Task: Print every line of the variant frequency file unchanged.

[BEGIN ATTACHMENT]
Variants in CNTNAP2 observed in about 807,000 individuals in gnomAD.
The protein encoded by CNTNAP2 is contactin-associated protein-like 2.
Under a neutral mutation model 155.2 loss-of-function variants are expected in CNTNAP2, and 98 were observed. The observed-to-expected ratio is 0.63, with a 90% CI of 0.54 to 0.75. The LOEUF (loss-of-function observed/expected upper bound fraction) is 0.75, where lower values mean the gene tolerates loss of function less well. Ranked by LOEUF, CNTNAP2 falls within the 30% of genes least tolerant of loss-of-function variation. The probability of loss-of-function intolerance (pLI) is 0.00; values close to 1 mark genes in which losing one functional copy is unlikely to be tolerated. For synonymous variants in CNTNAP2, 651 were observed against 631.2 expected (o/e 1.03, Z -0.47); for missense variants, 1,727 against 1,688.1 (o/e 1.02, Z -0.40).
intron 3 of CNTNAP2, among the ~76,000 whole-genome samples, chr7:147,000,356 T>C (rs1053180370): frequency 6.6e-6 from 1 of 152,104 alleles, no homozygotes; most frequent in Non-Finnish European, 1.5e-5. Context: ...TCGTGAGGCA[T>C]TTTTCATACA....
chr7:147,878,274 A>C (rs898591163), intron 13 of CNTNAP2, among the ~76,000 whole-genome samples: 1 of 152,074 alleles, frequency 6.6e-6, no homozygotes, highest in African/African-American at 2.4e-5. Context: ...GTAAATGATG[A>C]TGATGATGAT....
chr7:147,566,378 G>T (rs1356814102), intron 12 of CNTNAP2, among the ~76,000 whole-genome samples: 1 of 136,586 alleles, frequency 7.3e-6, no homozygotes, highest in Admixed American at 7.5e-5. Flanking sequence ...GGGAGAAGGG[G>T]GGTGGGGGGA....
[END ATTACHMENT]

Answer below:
Variants in CNTNAP2 observed in about 807,000 individuals in gnomAD.
The protein encoded by CNTNAP2 is contactin-associated protein-like 2.
Under a neutral mutation model 155.2 loss-of-function variants are expected in CNTNAP2, and 98 were observed. The observed-to-expected ratio is 0.63, with a 90% CI of 0.54 to 0.75. The LOEUF (loss-of-function observed/expected upper bound fraction) is 0.75, where lower values mean the gene tolerates loss of function less well. Ranked by LOEUF, CNTNAP2 falls within the 30% of genes least tolerant of loss-of-function variation. The probability of loss-of-function intolerance (pLI) is 0.00; values close to 1 mark genes in which losing one functional copy is unlikely to be tolerated. For synonymous variants in CNTNAP2, 651 were observed against 631.2 expected (o/e 1.03, Z -0.47); for missense variants, 1,727 against 1,688.1 (o/e 1.02, Z -0.40).
intron 3 of CNTNAP2, among the ~76,000 whole-genome samples, chr7:147,000,356 T>C (rs1053180370): frequency 6.6e-6 from 1 of 152,104 alleles, no homozygotes; most frequent in Non-Finnish European, 1.5e-5. Context: ...TCGTGAGGCA[T>C]TTTTCATACA....
chr7:147,878,274 A>C (rs898591163), intron 13 of CNTNAP2, among the ~76,000 whole-genome samples: 1 of 152,074 alleles, frequency 6.6e-6, no homozygotes, highest in African/African-American at 2.4e-5. Context: ...GTAAATGATG[A>C]TGATGATGAT....
chr7:147,566,378 G>T (rs1356814102), intron 12 of CNTNAP2, among the ~76,000 whole-genome samples: 1 of 136,586 alleles, frequency 7.3e-6, no homozygotes, highest in Admixed American at 7.5e-5. Flanking sequence ...GGGAGAAGGG[G>T]GGTGGGGGGA....